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Special Olympics swimmers bound for state championships
POULSBO — For 15-year-old swimmer Karissa Parypa, the trip from Cle Elum to Poulsbo is more than worthwhile.
Each year for the past two years, she has crossed the Cascades to live with her grandmother in Poulsbo for three months and compete as part of the North Kitsap Vikings Special Olympics Swimming Team.
“It’s just fun,” Parypa said of the team. “It’s something to do.”
Fifteen athletes from the swim team will compete at the Washington State Special Olympics Swimming Championships in Federal Way on June 5 and 6. The team is made up of athletes ages 10 to 33. Some, like Parypa, come from far away. Most live within the North Kitsap School District boundaries and are either current or former students. All of them gain more than just swimming skills by being on the team.
“If I’m part of this team, I just get happy,” Parypa said. “All my friends are here.”
The team also gives swimmers from other clubs, like 8-year-old Timothy Gallagher of the Poulsbo Piranhas, a chance to share their skills. Competing with kids like Timothy is something most of the athletes on the Viking team would not normally have the chance to do. Most of the swimmers don’t turn out for sports at school. So Timothy and his Piranhas teammates are valued assets for the Special Olympics team.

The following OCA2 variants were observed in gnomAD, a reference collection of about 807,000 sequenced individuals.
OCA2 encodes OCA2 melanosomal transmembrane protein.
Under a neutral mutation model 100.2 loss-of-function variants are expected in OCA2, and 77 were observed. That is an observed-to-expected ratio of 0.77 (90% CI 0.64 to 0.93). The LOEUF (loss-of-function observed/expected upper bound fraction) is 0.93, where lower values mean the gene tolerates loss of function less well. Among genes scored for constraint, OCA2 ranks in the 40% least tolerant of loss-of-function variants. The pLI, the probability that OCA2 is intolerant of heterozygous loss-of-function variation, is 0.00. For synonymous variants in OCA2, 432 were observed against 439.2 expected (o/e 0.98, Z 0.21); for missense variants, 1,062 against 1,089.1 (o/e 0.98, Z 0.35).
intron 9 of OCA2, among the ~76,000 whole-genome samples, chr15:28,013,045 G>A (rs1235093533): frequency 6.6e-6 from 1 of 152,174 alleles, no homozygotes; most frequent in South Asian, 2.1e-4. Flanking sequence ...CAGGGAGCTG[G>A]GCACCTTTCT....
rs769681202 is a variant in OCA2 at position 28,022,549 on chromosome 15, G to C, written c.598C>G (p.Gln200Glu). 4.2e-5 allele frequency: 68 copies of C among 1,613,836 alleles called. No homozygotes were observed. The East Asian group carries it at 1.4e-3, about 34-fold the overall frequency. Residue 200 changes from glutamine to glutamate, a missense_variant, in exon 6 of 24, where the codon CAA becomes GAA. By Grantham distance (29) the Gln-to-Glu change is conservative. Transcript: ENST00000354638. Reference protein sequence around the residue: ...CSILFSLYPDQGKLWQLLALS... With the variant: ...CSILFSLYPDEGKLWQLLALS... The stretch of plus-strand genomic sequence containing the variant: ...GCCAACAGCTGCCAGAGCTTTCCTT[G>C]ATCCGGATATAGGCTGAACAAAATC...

“He has the ability of going in and getting the kids to do flip-turns and things like that,” Viking swim coach Judy Chase said ofTimothy.
While the skills the Piranhas teach help the swimmers build confidence, the pool is first and foremost a place for the athletes to build relationships.
“The team has a lot of team spirit and does a good job of supporting one another,” Chase said.
Competing as part of the swim team also gives the athletes a chance to grow and learn life lessons.
“They learn that they can win,” Chase said. “They get to experience the joy of winning and at the same time, they get the experience of not winning.”
Many of the North Kitsap swimmers who competed at the April 18 regional swim championships qualified for the state competition, but some did not place high enough to move on. And that’s all part of the experience.
“They’re given so much, that they often don’t get the chance to fail. And that’s life,” Chase said. “That’s a huge life experience.”
The state Special Olympics Swimming Championships take place June 5-6 at the King County Aquatic Center in Federal Way. For more information on the Special Olympics, visit www.specialolympics.org.